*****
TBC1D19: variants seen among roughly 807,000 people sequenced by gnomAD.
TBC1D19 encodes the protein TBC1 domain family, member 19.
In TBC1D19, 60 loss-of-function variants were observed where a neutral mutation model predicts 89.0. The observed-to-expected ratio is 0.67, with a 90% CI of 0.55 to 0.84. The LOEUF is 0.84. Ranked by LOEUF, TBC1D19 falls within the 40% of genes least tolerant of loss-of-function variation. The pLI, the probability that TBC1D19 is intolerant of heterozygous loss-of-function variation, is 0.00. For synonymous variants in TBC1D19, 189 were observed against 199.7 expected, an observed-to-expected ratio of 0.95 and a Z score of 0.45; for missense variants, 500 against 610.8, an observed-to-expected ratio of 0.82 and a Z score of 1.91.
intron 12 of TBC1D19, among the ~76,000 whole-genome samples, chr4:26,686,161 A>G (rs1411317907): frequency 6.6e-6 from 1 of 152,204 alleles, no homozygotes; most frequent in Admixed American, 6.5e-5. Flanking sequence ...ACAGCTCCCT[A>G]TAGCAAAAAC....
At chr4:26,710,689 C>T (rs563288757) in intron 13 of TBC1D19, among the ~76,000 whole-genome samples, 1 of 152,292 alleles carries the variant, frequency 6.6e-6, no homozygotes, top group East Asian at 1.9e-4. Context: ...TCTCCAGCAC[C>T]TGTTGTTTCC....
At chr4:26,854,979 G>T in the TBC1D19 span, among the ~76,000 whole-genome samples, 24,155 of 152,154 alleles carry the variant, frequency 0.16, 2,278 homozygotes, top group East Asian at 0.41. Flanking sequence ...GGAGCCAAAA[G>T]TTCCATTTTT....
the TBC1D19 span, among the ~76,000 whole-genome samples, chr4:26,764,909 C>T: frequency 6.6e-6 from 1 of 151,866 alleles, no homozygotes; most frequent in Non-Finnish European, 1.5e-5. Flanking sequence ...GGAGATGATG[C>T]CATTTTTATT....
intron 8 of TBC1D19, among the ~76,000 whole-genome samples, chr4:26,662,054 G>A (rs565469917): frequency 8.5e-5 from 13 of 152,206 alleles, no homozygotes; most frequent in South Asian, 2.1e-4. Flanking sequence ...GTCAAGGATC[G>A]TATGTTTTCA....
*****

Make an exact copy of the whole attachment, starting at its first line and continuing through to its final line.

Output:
TBC1D19: variants seen among roughly 807,000 people sequenced by gnomAD.
TBC1D19 encodes the protein TBC1 domain family, member 19.
In TBC1D19, 60 loss-of-function variants were observed where a neutral mutation model predicts 89.0. The observed-to-expected ratio is 0.67, with a 90% CI of 0.55 to 0.84. The LOEUF is 0.84. Ranked by LOEUF, TBC1D19 falls within the 40% of genes least tolerant of loss-of-function variation. The pLI, the probability that TBC1D19 is intolerant of heterozygous loss-of-function variation, is 0.00. For synonymous variants in TBC1D19, 189 were observed against 199.7 expected, an observed-to-expected ratio of 0.95 and a Z score of 0.45; for missense variants, 500 against 610.8, an observed-to-expected ratio of 0.82 and a Z score of 1.91.
intron 12 of TBC1D19, among the ~76,000 whole-genome samples, chr4:26,686,161 A>G (rs1411317907): frequency 6.6e-6 from 1 of 152,204 alleles, no homozygotes; most frequent in Admixed American, 6.5e-5. Flanking sequence ...ACAGCTCCCT[A>G]TAGCAAAAAC....
At chr4:26,710,689 C>T (rs563288757) in intron 13 of TBC1D19, among the ~76,000 whole-genome samples, 1 of 152,292 alleles carries the variant, frequency 6.6e-6, no homozygotes, top group East Asian at 1.9e-4. Context: ...TCTCCAGCAC[C>T]TGTTGTTTCC....
At chr4:26,854,979 G>T in the TBC1D19 span, among the ~76,000 whole-genome samples, 24,155 of 152,154 alleles carry the variant, frequency 0.16, 2,278 homozygotes, top group East Asian at 0.41. Flanking sequence ...GGAGCCAAAA[G>T]TTCCATTTTT....
the TBC1D19 span, among the ~76,000 whole-genome samples, chr4:26,764,909 C>T: frequency 6.6e-6 from 1 of 151,866 alleles, no homozygotes; most frequent in Non-Finnish European, 1.5e-5. Flanking sequence ...GGAGATGATG[C>T]CATTTTTATT....
intron 8 of TBC1D19, among the ~76,000 whole-genome samples, chr4:26,662,054 G>A (rs565469917): frequency 8.5e-5 from 13 of 152,206 alleles, no homozygotes; most frequent in South Asian, 2.1e-4. Flanking sequence ...GTCAAGGATC[G>A]TATGTTTTCA....